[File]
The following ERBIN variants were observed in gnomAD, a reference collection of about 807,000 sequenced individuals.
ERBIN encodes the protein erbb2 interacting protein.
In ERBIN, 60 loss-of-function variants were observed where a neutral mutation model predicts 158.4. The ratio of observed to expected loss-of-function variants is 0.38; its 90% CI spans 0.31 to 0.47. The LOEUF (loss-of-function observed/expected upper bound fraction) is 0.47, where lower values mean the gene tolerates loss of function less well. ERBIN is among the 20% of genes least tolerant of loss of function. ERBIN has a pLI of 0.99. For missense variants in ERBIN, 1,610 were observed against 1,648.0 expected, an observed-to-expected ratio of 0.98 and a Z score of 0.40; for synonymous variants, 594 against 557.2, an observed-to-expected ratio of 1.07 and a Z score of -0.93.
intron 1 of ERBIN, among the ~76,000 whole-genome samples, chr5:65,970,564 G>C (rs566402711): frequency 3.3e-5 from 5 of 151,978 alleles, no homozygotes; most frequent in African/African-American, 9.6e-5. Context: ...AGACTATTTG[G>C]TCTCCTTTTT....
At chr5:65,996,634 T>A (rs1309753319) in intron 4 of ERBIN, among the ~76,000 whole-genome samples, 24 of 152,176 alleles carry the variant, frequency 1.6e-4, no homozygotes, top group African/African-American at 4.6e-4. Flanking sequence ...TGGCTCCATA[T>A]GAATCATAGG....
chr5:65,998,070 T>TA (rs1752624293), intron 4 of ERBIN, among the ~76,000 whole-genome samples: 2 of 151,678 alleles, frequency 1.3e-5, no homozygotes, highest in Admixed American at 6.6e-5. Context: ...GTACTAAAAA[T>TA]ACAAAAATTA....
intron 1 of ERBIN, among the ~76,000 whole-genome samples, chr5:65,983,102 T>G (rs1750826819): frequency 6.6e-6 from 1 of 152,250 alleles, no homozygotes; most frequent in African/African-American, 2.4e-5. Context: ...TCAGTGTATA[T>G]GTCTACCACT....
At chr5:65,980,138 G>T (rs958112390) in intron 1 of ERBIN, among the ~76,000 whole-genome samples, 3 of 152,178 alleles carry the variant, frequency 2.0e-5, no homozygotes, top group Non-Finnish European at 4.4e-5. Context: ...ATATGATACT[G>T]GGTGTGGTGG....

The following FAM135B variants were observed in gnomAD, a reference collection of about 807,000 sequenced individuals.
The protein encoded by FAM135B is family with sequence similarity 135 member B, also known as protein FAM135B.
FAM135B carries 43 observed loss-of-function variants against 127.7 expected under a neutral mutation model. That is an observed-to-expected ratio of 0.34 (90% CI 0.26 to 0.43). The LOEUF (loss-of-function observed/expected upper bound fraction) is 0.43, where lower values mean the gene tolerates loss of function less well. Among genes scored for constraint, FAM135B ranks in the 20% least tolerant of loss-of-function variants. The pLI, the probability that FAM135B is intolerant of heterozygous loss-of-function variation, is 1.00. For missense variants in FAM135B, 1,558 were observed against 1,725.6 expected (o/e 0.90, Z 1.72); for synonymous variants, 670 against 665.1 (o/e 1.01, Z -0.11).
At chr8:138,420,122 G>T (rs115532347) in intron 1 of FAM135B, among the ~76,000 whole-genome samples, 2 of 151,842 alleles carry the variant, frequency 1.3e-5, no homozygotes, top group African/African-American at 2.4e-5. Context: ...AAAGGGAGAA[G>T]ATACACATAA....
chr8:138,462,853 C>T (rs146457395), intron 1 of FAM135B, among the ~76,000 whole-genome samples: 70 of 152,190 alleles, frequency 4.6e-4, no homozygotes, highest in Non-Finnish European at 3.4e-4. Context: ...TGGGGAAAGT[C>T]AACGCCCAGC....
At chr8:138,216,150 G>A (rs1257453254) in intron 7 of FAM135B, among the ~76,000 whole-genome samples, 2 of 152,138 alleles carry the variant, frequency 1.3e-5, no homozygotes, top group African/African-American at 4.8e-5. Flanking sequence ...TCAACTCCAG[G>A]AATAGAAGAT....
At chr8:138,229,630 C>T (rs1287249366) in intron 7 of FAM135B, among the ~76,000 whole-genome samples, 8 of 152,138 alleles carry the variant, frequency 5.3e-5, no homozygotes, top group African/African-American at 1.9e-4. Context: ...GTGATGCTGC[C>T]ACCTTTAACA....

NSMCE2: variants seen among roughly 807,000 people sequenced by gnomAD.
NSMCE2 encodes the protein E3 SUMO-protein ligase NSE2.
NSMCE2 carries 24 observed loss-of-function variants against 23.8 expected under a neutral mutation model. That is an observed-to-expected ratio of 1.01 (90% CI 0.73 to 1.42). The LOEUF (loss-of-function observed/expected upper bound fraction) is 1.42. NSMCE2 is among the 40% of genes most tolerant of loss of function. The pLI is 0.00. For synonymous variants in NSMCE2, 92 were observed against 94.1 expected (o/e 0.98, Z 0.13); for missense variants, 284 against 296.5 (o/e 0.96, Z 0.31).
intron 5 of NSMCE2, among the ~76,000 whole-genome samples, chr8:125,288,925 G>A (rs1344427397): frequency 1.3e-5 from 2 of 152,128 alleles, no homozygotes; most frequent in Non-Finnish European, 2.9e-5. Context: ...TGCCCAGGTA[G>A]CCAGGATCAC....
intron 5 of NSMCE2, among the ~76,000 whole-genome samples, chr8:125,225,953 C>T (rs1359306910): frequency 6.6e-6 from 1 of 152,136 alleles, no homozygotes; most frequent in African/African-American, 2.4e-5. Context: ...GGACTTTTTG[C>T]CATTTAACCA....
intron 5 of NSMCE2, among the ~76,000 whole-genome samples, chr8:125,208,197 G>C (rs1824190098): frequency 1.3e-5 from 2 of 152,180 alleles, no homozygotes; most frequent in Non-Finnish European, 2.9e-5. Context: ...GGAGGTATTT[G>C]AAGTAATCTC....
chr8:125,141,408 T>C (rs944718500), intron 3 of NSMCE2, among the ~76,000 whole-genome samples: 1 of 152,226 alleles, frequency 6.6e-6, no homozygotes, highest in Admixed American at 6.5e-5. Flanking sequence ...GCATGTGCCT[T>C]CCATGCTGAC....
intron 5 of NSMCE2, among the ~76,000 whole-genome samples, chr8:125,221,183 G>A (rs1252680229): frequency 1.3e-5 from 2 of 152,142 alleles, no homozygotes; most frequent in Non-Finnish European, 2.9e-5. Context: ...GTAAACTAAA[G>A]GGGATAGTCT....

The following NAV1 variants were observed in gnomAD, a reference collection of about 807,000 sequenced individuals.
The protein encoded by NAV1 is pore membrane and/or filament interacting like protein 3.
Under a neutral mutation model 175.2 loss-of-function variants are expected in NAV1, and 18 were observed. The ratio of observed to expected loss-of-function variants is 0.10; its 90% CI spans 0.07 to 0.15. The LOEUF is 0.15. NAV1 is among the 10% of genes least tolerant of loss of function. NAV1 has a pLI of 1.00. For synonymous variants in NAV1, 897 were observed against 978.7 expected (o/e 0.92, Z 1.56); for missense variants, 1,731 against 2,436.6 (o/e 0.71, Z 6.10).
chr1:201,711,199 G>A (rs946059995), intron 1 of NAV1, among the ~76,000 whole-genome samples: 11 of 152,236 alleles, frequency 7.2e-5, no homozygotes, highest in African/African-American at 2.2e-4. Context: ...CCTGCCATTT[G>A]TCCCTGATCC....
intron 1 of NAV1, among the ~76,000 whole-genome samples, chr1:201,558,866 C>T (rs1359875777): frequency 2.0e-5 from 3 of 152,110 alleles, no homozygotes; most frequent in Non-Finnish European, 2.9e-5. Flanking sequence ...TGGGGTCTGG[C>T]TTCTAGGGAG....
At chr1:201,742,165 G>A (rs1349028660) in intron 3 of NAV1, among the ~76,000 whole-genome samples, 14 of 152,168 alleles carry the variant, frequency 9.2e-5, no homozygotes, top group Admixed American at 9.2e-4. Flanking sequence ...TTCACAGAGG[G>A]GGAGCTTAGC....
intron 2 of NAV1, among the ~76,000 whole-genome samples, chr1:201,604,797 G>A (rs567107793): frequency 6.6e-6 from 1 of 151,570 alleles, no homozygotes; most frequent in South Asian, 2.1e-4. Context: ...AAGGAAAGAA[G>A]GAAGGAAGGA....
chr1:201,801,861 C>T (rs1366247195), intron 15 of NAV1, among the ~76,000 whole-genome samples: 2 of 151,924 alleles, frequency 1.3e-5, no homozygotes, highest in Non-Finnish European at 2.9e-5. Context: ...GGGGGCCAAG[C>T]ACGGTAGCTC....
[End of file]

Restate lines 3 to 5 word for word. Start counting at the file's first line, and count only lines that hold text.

In ERBIN, 60 loss-of-function variants were observed where a neutral mutation model predicts 158.4. The ratio of observed to expected loss-of-function variants is 0.38; its 90% CI spans 0.31 to 0.47. The LOEUF (loss-of-function observed/expected upper bound fraction) is 0.47, where lower values mean the gene tolerates loss of function less well. ERBIN is among the 20% of genes least tolerant of loss of function. ERBIN has a pLI of 0.99. For missense variants in ERBIN, 1,610 were observed against 1,648.0 expected, an observed-to-expected ratio of 0.98 and a Z score of 0.40; for synonymous variants, 594 against 557.2, an observed-to-expected ratio of 1.07 and a Z score of -0.93.
intron 1 of ERBIN, among the ~76,000 whole-genome samples, chr5:65,970,564 G>C (rs566402711): frequency 3.3e-5 from 5 of 151,978 alleles, no homozygotes; most frequent in African/African-American, 9.6e-5. Context: ...AGACTATTTG[G>C]TCTCCTTTTT....
At chr5:65,996,634 T>A (rs1309753319) in intron 4 of ERBIN, among the ~76,000 whole-genome samples, 24 of 152,176 alleles carry the variant, frequency 1.6e-4, no homozygotes, top group African/African-American at 4.6e-4. Flanking sequence ...TGGCTCCATA[T>A]GAATCATAGG....